Taking Time with Patients: Perception is Reality

There’s an expression that says, “You can give a pound of gold in a one-ounce bag.” When it comes to your patients, this refers to the perception they have about the time you spend with them. Two physicians can spend the same amount of time with two patients and one can come away dissatisfied, feeling they were rushed while the other believes the doctor took his or her time and heard what the patient had to say. What makes the difference? Here are some simple techniques to connect better with patients and help them feel that your energy and focus is squarely on them during the office visit:

  • Make a lasting impact in the first 30 seconds. As you enter the examination room make eye contact with the patient, shake hands and smile. Sounds simple but those three actions form an immediate, warm connection with the patient. This is the same whether it’s a new patient or one you just saw two weeks ago.
  • Get in touch. Study after study has proven that human touch translates into compassion. As you begin to speak to your patient, put your hands on their feet.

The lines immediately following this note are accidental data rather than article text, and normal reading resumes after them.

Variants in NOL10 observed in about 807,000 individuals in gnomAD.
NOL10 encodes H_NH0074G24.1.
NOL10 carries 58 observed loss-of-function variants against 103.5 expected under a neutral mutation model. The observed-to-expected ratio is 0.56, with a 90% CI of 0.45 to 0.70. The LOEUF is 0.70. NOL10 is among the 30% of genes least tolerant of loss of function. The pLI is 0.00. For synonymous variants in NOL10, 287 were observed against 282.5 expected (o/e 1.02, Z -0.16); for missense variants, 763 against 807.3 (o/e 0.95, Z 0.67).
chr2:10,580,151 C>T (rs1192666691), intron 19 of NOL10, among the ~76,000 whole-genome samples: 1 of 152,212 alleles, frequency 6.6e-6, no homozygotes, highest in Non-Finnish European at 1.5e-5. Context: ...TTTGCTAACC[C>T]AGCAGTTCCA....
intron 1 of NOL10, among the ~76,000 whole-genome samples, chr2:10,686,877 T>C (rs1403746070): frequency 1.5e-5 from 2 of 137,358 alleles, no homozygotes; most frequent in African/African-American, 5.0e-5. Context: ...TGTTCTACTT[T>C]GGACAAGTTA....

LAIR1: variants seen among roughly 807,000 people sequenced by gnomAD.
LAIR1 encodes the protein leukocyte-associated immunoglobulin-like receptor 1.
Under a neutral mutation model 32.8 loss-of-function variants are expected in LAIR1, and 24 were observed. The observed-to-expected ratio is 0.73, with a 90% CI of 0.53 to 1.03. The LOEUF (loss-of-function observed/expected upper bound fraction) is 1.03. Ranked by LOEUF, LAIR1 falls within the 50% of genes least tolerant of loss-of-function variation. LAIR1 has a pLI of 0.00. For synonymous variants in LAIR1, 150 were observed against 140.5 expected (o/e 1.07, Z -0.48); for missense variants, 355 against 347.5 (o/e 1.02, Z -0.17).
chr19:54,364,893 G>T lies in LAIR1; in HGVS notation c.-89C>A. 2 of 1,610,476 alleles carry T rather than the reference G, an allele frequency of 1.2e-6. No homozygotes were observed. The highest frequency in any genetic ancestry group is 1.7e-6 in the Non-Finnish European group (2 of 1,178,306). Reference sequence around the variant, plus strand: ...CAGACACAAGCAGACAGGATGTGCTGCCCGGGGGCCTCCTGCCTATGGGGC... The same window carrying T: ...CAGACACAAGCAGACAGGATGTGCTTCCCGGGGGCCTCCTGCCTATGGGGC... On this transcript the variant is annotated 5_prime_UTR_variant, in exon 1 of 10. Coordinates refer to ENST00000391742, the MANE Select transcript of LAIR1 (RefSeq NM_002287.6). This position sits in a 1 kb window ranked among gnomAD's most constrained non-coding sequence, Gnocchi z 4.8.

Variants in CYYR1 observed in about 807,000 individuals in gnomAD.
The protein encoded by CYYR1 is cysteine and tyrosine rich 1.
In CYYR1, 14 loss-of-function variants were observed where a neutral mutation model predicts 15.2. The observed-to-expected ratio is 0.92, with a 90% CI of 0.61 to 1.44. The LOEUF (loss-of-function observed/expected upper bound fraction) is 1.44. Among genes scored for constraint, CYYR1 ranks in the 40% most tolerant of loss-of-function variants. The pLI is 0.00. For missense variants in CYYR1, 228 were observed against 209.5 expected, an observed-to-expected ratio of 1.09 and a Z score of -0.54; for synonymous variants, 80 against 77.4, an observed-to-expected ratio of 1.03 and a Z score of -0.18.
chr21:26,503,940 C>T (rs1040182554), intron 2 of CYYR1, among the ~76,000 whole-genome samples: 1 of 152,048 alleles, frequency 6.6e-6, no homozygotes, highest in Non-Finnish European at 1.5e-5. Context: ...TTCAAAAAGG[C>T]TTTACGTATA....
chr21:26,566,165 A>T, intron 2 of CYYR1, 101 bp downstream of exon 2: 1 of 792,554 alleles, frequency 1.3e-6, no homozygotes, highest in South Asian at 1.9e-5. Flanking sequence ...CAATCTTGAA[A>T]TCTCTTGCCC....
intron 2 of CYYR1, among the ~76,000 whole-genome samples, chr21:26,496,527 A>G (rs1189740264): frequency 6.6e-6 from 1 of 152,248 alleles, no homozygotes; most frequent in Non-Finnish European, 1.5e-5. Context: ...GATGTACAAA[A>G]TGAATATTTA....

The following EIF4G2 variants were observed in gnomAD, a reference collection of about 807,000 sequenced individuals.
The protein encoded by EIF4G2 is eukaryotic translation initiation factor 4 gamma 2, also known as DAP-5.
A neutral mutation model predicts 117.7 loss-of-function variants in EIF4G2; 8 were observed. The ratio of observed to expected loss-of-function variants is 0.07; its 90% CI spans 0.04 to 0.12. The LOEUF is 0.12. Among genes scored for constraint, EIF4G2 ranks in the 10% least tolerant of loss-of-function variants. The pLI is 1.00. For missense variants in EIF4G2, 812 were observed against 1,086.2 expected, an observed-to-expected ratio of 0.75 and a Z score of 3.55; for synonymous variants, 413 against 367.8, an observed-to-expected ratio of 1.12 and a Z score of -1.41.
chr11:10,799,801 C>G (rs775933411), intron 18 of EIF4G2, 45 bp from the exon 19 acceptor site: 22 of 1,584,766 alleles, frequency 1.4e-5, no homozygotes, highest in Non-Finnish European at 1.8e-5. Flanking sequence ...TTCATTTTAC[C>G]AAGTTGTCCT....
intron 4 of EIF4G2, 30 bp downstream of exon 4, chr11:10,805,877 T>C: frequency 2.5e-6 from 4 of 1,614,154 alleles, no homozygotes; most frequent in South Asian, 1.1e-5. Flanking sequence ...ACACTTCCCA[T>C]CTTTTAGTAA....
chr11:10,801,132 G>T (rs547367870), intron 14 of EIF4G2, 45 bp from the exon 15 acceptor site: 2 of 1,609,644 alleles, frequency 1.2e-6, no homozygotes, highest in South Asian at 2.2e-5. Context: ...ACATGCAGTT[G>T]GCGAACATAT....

• Make each patient feel important. Your patients will feel acknowledged and valued if you make an effort to focus on their needs beyond their podiatric condition. Ask about their family or comment on a piece of jewelry they are wearing. Keep your question or comment specific and not too open-ended.
  • Let the patient be heard. When you first ask about what has brought the patient in, let them speak uninterrupted and get it all out. This takes most patients a surprisingly short amount of time. If you stop them, however, with a question the patient will feel like you’re rushing through the visit.
  • Answer all questions. Tell your patient up front that you will answer all their questions about their condition and treatment before they leave. Once you have diagnosed and explained best treatment options, end the appointment by asking if your patient has any questions and also tell them the best way to contact you if they think of other questions after they leave the office.

Establishing and maintaining warm connections with patients is something experienced practitioners know how to do. At The Institute for Podiatric Excellence and Development (IPED), allowing physicians at all stages of their careers to share and hear secrets of success is one of our key objectives. To learn other benefits to becoming a member, contact Executive Director, Ruth Ann Donahue at: 978-296-7634.